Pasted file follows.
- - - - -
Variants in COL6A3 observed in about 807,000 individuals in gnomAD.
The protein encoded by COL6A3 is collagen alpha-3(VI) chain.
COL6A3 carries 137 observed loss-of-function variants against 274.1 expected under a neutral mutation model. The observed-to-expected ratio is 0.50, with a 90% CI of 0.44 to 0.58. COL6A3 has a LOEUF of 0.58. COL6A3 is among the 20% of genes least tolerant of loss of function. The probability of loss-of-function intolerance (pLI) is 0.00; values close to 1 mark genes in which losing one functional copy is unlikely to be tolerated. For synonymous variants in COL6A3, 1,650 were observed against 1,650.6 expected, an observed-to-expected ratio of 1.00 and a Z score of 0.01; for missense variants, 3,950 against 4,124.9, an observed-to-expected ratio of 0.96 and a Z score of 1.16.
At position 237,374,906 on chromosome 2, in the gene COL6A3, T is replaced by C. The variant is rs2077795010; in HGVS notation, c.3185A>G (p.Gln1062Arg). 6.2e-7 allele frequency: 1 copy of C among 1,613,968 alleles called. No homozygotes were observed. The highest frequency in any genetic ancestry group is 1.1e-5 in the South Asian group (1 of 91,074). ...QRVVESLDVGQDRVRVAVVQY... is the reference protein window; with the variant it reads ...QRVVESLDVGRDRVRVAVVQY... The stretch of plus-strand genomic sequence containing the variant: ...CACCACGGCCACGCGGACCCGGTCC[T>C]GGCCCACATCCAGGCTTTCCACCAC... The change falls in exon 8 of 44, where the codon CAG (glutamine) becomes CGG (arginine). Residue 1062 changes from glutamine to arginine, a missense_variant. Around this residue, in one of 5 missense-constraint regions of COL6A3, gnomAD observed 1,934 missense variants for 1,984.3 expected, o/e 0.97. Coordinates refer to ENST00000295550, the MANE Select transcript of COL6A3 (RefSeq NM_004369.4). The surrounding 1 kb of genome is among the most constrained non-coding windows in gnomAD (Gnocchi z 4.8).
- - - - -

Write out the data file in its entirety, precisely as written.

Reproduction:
Variants in COL6A3 observed in about 807,000 individuals in gnomAD.
The protein encoded by COL6A3 is collagen alpha-3(VI) chain.
COL6A3 carries 137 observed loss-of-function variants against 274.1 expected under a neutral mutation model. The observed-to-expected ratio is 0.50, with a 90% CI of 0.44 to 0.58. COL6A3 has a LOEUF of 0.58. COL6A3 is among the 20% of genes least tolerant of loss of function. The probability of loss-of-function intolerance (pLI) is 0.00; values close to 1 mark genes in which losing one functional copy is unlikely to be tolerated. For synonymous variants in COL6A3, 1,650 were observed against 1,650.6 expected, an observed-to-expected ratio of 1.00 and a Z score of 0.01; for missense variants, 3,950 against 4,124.9, an observed-to-expected ratio of 0.96 and a Z score of 1.16.
At position 237,374,906 on chromosome 2, in the gene COL6A3, T is replaced by C. The variant is rs2077795010; in HGVS notation, c.3185A>G (p.Gln1062Arg). 6.2e-7 allele frequency: 1 copy of C among 1,613,968 alleles called. No homozygotes were observed. The highest frequency in any genetic ancestry group is 1.1e-5 in the South Asian group (1 of 91,074). ...QRVVESLDVGQDRVRVAVVQY... is the reference protein window; with the variant it reads ...QRVVESLDVGRDRVRVAVVQY... The stretch of plus-strand genomic sequence containing the variant: ...CACCACGGCCACGCGGACCCGGTCC[T>C]GGCCCACATCCAGGCTTTCCACCAC... The change falls in exon 8 of 44, where the codon CAG (glutamine) becomes CGG (arginine). Residue 1062 changes from glutamine to arginine, a missense_variant. Around this residue, in one of 5 missense-constraint regions of COL6A3, gnomAD observed 1,934 missense variants for 1,984.3 expected, o/e 0.97. Coordinates refer to ENST00000295550, the MANE Select transcript of COL6A3 (RefSeq NM_004369.4). The surrounding 1 kb of genome is among the most constrained non-coding windows in gnomAD (Gnocchi z 4.8).